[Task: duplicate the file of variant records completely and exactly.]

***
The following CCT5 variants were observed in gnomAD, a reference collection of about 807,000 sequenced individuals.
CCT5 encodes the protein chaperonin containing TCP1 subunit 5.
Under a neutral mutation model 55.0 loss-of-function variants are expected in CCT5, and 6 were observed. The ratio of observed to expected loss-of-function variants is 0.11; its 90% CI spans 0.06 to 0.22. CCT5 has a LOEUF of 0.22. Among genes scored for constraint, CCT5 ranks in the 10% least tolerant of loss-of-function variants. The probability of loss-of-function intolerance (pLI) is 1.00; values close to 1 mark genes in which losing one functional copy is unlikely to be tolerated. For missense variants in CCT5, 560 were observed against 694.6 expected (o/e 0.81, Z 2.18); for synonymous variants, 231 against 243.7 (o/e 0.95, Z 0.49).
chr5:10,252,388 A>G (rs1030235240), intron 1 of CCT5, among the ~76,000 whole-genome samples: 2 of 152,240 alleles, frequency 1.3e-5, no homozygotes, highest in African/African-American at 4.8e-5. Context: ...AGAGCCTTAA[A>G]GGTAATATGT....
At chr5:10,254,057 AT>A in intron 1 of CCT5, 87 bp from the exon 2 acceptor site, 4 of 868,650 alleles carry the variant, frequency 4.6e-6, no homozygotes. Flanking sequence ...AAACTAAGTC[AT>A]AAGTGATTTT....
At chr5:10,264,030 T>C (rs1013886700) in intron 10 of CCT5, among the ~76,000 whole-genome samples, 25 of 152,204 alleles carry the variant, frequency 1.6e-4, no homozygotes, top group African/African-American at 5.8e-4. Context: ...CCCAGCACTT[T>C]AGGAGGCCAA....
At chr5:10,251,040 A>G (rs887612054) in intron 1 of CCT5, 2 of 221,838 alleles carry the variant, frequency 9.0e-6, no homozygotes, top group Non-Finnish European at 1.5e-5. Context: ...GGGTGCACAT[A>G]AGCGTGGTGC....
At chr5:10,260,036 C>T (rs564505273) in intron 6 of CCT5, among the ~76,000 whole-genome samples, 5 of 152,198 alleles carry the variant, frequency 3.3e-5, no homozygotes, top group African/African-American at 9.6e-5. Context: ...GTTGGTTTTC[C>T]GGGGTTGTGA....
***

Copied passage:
The following CCT5 variants were observed in gnomAD, a reference collection of about 807,000 sequenced individuals.
CCT5 encodes the protein chaperonin containing TCP1 subunit 5.
Under a neutral mutation model 55.0 loss-of-function variants are expected in CCT5, and 6 were observed. The ratio of observed to expected loss-of-function variants is 0.11; its 90% CI spans 0.06 to 0.22. CCT5 has a LOEUF of 0.22. Among genes scored for constraint, CCT5 ranks in the 10% least tolerant of loss-of-function variants. The probability of loss-of-function intolerance (pLI) is 1.00; values close to 1 mark genes in which losing one functional copy is unlikely to be tolerated. For missense variants in CCT5, 560 were observed against 694.6 expected (o/e 0.81, Z 2.18); for synonymous variants, 231 against 243.7 (o/e 0.95, Z 0.49).
chr5:10,252,388 A>G (rs1030235240), intron 1 of CCT5, among the ~76,000 whole-genome samples: 2 of 152,240 alleles, frequency 1.3e-5, no homozygotes, highest in African/African-American at 4.8e-5. Context: ...AGAGCCTTAA[A>G]GGTAATATGT....
At chr5:10,254,057 AT>A in intron 1 of CCT5, 87 bp from the exon 2 acceptor site, 4 of 868,650 alleles carry the variant, frequency 4.6e-6, no homozygotes. Flanking sequence ...AAACTAAGTC[AT>A]AAGTGATTTT....
At chr5:10,264,030 T>C (rs1013886700) in intron 10 of CCT5, among the ~76,000 whole-genome samples, 25 of 152,204 alleles carry the variant, frequency 1.6e-4, no homozygotes, top group African/African-American at 5.8e-4. Context: ...CCCAGCACTT[T>C]AGGAGGCCAA....
At chr5:10,251,040 A>G (rs887612054) in intron 1 of CCT5, 2 of 221,838 alleles carry the variant, frequency 9.0e-6, no homozygotes, top group Non-Finnish European at 1.5e-5. Context: ...GGGTGCACAT[A>G]AGCGTGGTGC....
At chr5:10,260,036 C>T (rs564505273) in intron 6 of CCT5, among the ~76,000 whole-genome samples, 5 of 152,198 alleles carry the variant, frequency 3.3e-5, no homozygotes, top group African/African-American at 9.6e-5. Context: ...GTTGGTTTTC[C>T]GGGGTTGTGA....